The History of The Tenor Narrated
The History of Giovanni Zenatello
Born: 2 February, 1876 Verona
Died: 11 February, 1949
Zenatello showed musical promise from a young age. His singing teacher in Verona originally tried to train him as a baritone, but he never felt comfortable in this range and later switched to the higher tenor register. Nonetheless, it was as a baritone that he made his professional debut at Belluno in 1898. His tenor debut (as Canio in Ruggero Leoncavallo’s Pagliacci) did not come until the following year, at Naples.
Zenatello’s operatic career gained momentum during the early years of the 20th century, and on February 17, 1904, he created the role of Pinkerton in the world premiere of Puccini’s Madama Butterfly at La Scala, Milan. La Scala was Italy’s leading opera house, and he remained a member of its company of singers until 1907. He also sang at the Royal Opera House, Covent Garden, London, in 1905-06, 1908-09 and 1926; at the Manhattan Opera House in 1907-1910; and with the New York Metropolitan Opera company, on tour, replacing Enrico Caruso, in 1909.
He sang often, too, in South America and Mexico and various cities of Continental Europe.
Zenatello’s voice had matured into that of a clarion-voiced dramatic tenor during his La Scala years, and he succeeded Francesco Tamagno (1850-1905) as the world’s greatest exponent of Giuseppe Verdi’s Otello. He performed this extremely taxing role more than 300 times during his career and recorded highly acclaimed extracts from the work.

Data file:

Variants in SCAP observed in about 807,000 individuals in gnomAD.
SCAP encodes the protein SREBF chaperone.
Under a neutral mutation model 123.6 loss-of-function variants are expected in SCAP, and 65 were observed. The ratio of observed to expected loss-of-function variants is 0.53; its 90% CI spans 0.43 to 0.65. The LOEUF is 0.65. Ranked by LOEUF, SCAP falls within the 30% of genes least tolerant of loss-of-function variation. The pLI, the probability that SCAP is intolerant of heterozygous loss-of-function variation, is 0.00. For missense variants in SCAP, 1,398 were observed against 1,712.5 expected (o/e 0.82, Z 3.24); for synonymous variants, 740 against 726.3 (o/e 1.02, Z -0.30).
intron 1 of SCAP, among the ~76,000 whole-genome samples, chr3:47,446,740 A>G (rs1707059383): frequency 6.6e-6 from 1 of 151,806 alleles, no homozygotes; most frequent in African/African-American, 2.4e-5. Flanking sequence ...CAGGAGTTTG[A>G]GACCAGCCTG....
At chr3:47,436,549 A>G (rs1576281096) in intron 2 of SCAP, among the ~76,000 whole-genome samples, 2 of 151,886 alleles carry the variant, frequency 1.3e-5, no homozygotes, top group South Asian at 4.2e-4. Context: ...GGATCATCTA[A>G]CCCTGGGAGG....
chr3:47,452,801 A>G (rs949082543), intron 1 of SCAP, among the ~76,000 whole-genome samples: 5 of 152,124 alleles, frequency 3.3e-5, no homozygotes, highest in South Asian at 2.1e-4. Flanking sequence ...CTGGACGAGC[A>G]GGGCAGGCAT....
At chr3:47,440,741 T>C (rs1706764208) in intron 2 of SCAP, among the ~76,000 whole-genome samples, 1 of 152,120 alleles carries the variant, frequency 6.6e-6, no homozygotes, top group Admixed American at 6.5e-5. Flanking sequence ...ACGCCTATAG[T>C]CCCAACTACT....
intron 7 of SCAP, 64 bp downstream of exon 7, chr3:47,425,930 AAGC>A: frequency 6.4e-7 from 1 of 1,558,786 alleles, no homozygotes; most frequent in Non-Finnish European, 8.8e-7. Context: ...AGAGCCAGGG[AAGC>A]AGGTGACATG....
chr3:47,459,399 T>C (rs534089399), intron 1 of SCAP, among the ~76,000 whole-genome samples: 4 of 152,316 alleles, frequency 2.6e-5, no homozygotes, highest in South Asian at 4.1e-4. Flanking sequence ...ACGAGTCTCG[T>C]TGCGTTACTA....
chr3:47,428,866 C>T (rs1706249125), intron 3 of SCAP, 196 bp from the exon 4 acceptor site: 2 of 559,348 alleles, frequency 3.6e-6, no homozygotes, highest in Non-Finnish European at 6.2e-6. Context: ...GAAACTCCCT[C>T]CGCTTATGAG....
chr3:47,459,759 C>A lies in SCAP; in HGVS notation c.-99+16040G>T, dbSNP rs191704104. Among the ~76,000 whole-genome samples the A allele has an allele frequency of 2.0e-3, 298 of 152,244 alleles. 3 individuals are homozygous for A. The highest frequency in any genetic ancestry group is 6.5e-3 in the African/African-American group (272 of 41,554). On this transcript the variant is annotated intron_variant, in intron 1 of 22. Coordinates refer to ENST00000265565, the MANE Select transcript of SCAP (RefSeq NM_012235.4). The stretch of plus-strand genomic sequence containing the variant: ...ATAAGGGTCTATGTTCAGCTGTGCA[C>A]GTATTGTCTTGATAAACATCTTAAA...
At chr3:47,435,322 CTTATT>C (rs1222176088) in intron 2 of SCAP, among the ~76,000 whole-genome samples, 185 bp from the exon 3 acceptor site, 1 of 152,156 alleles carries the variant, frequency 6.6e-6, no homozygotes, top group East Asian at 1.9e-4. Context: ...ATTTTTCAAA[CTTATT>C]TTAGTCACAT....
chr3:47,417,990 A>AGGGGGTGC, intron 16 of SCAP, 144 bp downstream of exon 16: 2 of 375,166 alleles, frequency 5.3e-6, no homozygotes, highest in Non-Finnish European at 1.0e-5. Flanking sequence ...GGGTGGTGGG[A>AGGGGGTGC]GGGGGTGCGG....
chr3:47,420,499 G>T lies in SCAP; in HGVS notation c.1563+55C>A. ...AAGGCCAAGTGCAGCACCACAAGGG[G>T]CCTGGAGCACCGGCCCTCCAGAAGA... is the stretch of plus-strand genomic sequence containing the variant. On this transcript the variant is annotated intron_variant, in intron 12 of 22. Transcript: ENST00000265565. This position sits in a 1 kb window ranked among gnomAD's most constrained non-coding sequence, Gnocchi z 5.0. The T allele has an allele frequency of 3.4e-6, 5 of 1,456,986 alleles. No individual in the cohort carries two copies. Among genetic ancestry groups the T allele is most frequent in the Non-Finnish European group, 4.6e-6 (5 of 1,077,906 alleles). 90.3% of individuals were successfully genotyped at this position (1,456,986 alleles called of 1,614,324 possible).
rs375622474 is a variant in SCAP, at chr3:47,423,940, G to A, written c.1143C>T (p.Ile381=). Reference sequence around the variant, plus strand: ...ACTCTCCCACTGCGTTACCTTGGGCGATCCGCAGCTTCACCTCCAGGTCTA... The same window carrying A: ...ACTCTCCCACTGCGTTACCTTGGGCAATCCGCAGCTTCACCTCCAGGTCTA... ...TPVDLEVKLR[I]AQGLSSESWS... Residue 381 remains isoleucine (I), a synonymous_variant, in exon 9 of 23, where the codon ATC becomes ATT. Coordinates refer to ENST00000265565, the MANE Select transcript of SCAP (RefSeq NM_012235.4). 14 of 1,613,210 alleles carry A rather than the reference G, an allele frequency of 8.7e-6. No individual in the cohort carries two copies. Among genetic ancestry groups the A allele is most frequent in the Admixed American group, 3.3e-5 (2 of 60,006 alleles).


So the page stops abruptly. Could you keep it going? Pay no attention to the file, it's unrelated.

After a final stage appearance (in New York City) in 1933, Zenatello retired from opera and taught singing. Lily Pons was one of his pupils. As to his private life, he lived with the Spanish mezzo-soprano Maria Gay from 1906 until her death in 1943. They were often described as husband and wife although they may never have actually married.
In 1913, Zenatello was instrumental in having the Verona Arena, built originally by the ancient Romans, restored and turned into a world famous open-air venue for opera performances. That same year the arena was used to mount a grand production of Aida, marking the centenary of Verdi’s birth. In 1947, Zenatello arranged for a promising young soprano named Maria Callas to appear at the arena’s Summer Festival in Amilcare Ponchielli’s operatic masterpiece, La Gioconda. This appearance would give Callas’ career an invaluable kick-along in Italy and help set her on the path to future stardom.
Zenatello died in New York City in 1949, aged 73.